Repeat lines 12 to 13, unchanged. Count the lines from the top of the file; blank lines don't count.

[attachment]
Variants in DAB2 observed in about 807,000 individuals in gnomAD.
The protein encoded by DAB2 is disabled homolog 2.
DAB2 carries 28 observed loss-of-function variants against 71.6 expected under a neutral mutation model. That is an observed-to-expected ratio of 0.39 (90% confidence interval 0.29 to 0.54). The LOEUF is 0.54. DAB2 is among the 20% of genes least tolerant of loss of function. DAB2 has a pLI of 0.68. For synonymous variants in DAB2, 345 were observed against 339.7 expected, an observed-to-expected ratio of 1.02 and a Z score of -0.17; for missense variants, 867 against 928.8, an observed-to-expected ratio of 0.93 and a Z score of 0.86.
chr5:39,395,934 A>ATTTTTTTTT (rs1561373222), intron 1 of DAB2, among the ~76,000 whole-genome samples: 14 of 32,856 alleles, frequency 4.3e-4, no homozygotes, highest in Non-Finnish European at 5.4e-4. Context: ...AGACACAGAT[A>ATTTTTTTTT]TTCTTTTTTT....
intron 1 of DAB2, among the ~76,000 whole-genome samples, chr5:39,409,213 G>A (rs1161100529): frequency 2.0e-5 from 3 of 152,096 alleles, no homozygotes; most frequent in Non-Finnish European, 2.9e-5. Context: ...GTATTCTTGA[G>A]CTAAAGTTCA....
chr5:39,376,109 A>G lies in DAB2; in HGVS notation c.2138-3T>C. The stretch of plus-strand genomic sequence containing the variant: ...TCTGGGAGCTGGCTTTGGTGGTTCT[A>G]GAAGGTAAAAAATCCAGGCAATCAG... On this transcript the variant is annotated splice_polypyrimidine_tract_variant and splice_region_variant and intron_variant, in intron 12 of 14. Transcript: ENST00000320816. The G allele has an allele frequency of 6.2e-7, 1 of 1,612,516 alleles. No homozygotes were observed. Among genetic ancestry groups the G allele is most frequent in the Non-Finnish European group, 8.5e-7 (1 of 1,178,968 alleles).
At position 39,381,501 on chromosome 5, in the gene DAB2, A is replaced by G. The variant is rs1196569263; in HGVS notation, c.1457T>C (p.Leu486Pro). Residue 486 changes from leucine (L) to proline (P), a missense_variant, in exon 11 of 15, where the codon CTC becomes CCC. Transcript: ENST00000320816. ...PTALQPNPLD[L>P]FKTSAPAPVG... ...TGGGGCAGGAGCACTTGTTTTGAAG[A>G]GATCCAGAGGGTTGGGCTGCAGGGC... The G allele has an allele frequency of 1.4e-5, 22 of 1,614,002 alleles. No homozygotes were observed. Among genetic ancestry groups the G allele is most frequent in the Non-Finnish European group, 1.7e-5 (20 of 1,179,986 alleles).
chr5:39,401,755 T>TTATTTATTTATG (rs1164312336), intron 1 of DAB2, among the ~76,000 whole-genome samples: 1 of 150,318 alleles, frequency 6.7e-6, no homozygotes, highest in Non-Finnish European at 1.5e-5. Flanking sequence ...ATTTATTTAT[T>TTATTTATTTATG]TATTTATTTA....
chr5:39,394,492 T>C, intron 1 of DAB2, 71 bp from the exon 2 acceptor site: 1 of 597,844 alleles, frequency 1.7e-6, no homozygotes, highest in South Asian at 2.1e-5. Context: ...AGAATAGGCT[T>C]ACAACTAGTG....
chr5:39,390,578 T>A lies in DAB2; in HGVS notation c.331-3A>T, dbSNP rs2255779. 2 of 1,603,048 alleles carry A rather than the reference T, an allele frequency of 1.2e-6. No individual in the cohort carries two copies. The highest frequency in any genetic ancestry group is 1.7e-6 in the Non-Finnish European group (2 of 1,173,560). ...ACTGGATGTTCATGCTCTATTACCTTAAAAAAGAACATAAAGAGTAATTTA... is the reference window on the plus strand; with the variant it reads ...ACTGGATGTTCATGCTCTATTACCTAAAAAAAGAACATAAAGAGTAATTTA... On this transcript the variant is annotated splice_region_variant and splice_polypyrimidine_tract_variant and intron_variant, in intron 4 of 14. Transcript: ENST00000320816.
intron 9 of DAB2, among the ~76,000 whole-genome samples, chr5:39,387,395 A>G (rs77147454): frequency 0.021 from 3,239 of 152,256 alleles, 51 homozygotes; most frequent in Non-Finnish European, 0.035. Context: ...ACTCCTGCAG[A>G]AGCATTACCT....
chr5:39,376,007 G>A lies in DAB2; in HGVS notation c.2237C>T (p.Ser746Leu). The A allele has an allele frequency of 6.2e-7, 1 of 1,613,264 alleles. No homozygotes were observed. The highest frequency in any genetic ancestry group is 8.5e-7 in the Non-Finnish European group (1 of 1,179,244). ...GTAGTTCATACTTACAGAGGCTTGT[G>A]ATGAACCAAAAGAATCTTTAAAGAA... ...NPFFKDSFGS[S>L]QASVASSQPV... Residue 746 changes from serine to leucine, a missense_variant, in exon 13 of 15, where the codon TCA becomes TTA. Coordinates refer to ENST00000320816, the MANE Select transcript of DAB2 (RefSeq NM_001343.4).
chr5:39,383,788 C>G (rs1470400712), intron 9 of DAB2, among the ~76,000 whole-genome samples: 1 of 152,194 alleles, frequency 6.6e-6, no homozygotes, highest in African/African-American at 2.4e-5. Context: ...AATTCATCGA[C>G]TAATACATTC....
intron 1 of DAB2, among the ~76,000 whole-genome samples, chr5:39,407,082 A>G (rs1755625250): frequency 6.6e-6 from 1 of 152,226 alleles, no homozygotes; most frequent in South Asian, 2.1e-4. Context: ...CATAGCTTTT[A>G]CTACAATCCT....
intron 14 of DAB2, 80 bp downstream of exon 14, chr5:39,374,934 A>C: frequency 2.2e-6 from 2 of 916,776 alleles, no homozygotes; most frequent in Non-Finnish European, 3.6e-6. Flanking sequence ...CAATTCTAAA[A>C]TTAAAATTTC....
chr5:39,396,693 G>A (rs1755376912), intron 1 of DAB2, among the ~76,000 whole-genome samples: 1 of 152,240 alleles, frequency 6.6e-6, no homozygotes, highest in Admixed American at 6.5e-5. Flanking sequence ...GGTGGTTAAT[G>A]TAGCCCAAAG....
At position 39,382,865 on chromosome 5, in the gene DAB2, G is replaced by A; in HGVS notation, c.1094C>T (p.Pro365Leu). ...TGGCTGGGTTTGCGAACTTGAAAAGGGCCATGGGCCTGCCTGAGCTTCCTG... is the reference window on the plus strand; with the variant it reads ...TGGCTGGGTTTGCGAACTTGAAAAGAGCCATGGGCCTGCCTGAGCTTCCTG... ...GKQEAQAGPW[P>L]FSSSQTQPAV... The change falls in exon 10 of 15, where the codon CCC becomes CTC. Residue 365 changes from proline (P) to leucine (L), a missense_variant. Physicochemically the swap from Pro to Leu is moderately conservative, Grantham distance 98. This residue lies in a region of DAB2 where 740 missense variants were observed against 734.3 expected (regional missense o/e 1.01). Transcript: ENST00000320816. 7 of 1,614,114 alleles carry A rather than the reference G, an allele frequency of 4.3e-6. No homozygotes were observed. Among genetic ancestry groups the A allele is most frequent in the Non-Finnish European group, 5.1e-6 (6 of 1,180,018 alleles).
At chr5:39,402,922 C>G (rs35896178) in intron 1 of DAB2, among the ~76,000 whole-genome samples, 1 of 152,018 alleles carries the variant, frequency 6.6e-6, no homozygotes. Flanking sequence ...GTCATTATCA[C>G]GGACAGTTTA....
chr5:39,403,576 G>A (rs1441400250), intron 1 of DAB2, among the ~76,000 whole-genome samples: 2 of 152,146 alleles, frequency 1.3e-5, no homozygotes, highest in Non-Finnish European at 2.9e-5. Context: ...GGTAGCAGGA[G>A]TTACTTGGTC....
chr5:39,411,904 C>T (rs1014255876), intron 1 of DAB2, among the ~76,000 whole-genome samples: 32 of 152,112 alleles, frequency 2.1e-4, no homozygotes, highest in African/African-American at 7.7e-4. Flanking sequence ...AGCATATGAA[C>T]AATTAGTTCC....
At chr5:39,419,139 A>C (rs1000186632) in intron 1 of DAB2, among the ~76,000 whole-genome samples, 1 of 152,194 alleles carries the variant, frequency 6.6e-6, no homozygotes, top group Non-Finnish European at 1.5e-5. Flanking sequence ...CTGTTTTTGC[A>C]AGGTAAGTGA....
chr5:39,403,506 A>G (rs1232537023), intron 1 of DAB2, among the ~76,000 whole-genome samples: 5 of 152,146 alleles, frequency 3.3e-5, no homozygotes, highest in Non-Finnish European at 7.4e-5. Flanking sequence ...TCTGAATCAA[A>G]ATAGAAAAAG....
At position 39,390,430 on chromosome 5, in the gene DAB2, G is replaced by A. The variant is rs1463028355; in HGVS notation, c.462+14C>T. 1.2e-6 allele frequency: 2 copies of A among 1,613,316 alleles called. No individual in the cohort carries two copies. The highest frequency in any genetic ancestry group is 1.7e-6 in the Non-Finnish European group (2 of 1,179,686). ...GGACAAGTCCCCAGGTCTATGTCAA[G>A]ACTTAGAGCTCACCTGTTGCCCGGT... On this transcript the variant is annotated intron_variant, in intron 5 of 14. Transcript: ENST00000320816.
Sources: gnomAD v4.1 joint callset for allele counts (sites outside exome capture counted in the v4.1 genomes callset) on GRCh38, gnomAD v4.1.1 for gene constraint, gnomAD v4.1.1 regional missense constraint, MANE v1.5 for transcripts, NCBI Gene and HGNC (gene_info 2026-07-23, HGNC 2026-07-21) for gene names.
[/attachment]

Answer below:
chr5:39,376,007 G>A lies in DAB2; in HGVS notation c.2237C>T (p.Ser746Leu). The A allele has an allele frequency of 6.2e-7, 1 of 1,613,264 alleles. No homozygotes were observed. The highest frequency in any genetic ancestry group is 8.5e-7 in the Non-Finnish European group (1 of 1,179,244). ...GTAGTTCATACTTACAGAGGCTTGT[G>A]ATGAACCAAAAGAATCTTTAAAGAA... ...NPFFKDSFGS[S>L]QASVASSQPV... Residue 746 changes from serine to leucine, a missense_variant, in exon 13 of 15, where the codon TCA becomes TTA. Coordinates refer to ENST00000320816, the MANE Select transcript of DAB2 (RefSeq NM_001343.4).
chr5:39,383,788 C>G (rs1470400712), intron 9 of DAB2, among the ~76,000 whole-genome samples: 1 of 152,194 alleles, frequency 6.6e-6, no homozygotes, highest in African/African-American at 2.4e-5. Context: ...AATTCATCGA[C>G]TAATACATTC....